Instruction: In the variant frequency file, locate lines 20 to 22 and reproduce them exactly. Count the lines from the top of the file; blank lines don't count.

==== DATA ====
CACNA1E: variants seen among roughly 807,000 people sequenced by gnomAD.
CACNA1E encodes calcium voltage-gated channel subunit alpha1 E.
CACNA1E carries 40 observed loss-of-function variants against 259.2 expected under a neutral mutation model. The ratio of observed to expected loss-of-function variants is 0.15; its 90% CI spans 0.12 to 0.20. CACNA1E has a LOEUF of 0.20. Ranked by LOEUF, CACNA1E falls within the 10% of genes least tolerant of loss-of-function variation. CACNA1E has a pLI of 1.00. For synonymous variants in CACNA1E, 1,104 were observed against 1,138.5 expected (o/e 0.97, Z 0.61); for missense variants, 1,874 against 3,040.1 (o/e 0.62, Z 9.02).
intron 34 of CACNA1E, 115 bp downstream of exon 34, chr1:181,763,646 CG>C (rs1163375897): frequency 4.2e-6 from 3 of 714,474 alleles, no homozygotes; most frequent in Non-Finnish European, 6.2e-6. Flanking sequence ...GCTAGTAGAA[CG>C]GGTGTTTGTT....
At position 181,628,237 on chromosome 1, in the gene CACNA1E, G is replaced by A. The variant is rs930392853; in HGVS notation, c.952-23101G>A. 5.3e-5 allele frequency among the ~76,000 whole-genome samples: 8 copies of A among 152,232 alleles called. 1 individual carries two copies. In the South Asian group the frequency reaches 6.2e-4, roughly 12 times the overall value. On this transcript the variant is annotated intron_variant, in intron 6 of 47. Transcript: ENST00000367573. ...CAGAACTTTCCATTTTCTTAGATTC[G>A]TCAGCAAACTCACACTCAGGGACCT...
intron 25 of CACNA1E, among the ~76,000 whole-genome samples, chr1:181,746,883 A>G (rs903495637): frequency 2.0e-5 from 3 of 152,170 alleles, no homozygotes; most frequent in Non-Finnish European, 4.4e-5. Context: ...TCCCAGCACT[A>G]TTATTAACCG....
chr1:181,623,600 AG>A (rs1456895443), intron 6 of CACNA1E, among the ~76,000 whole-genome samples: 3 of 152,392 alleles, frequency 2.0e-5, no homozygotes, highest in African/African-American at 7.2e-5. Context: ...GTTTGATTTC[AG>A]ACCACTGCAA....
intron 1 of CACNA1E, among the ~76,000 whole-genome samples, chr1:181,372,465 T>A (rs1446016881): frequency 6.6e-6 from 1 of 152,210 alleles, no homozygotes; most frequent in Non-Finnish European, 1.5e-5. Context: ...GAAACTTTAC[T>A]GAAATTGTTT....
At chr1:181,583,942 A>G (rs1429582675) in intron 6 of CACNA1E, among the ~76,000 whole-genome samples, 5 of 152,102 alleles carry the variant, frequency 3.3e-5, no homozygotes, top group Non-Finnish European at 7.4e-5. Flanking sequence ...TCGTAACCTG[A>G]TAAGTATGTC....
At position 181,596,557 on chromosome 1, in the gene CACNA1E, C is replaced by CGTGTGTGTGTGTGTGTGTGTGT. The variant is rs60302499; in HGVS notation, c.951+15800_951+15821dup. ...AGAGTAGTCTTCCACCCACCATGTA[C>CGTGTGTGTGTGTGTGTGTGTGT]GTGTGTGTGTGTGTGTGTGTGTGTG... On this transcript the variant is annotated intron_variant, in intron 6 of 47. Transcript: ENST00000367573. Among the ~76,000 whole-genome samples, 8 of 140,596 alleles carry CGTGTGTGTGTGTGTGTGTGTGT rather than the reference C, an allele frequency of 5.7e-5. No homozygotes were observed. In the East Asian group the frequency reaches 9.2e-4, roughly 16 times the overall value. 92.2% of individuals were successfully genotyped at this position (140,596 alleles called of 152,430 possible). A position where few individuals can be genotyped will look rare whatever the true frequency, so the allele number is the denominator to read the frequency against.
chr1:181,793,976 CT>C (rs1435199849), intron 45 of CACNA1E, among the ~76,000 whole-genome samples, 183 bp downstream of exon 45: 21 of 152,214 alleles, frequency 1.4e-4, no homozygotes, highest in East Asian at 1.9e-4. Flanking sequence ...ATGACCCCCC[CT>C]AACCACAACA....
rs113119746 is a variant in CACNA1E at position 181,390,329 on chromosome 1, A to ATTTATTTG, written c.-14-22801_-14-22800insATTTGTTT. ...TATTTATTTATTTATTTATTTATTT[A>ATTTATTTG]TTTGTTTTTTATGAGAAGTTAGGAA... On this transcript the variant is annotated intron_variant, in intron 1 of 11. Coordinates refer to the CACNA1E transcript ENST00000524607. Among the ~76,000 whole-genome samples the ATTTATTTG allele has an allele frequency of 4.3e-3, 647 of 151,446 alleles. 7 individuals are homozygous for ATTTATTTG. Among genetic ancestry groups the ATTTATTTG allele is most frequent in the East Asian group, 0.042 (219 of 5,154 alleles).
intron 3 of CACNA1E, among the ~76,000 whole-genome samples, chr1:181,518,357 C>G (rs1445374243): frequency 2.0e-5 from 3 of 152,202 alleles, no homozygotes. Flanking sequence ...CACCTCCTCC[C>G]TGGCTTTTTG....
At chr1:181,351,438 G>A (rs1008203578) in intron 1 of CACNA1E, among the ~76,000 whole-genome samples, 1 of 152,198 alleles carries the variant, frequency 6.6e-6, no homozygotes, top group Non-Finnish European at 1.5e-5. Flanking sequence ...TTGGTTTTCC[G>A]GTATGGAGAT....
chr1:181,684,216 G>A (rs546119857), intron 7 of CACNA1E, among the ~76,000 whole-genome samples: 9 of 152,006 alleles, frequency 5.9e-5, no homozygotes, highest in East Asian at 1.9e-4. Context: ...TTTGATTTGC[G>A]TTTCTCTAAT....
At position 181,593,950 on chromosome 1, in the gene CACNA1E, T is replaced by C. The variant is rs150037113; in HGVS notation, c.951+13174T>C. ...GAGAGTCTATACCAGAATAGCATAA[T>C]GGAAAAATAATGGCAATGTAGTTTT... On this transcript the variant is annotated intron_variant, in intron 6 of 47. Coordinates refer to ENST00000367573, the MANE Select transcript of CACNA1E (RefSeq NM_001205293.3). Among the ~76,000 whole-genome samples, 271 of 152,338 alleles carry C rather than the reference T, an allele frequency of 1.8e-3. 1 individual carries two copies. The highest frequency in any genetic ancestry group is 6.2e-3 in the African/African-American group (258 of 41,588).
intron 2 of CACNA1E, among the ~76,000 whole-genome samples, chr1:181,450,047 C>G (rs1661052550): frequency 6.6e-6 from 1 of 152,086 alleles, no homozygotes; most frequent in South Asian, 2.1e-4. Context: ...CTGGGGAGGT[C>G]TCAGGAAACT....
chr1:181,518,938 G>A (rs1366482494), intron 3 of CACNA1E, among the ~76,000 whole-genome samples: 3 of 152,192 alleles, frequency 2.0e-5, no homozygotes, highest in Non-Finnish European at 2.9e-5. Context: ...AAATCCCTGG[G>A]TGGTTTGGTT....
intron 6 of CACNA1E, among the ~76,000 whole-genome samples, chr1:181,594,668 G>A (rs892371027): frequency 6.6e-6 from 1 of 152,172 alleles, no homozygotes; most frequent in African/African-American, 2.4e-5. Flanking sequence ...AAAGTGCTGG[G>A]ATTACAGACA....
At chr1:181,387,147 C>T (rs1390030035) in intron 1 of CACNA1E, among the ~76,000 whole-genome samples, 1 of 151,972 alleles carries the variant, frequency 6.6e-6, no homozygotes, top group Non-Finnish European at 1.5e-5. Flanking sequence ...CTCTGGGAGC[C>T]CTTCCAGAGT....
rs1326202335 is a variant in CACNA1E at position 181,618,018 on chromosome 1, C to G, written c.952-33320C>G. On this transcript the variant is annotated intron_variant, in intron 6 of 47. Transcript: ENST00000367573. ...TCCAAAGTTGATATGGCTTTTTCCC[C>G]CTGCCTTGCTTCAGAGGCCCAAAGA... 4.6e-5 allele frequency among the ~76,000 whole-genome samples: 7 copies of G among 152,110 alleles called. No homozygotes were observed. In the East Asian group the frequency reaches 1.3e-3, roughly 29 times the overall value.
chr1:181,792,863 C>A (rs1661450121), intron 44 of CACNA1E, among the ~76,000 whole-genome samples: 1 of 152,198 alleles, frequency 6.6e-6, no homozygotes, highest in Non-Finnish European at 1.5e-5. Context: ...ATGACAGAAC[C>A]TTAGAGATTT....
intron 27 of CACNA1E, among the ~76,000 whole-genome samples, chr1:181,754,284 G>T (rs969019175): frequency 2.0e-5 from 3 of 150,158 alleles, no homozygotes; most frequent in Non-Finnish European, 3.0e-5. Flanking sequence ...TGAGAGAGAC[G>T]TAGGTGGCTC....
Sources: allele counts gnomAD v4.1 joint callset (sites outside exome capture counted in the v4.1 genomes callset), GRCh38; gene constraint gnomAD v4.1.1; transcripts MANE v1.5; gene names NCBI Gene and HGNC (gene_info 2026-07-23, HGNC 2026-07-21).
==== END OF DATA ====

At chr1:181,387,147 C>T (rs1390030035) in intron 1 of CACNA1E, among the ~76,000 whole-genome samples, 1 of 151,972 alleles carries the variant, frequency 6.6e-6, no homozygotes, top group Non-Finnish European at 1.5e-5. Flanking sequence ...CTCTGGGAGC[C>T]CTTCCAGAGT....
rs1326202335 is a variant in CACNA1E at position 181,618,018 on chromosome 1, C to G, written c.952-33320C>G. On this transcript the variant is annotated intron_variant, in intron 6 of 47. Transcript: ENST00000367573. ...TCCAAAGTTGATATGGCTTTTTCCC[C>G]CTGCCTTGCTTCAGAGGCCCAAAGA... 4.6e-5 allele frequency among the ~76,000 whole-genome samples: 7 copies of G among 152,110 alleles called. No homozygotes were observed. In the East Asian group the frequency reaches 1.3e-3, roughly 29 times the overall value.
chr1:181,792,863 C>A (rs1661450121), intron 44 of CACNA1E, among the ~76,000 whole-genome samples: 1 of 152,198 alleles, frequency 6.6e-6, no homozygotes, highest in Non-Finnish European at 1.5e-5. Context: ...ATGACAGAAC[C>A]TTAGAGATTT....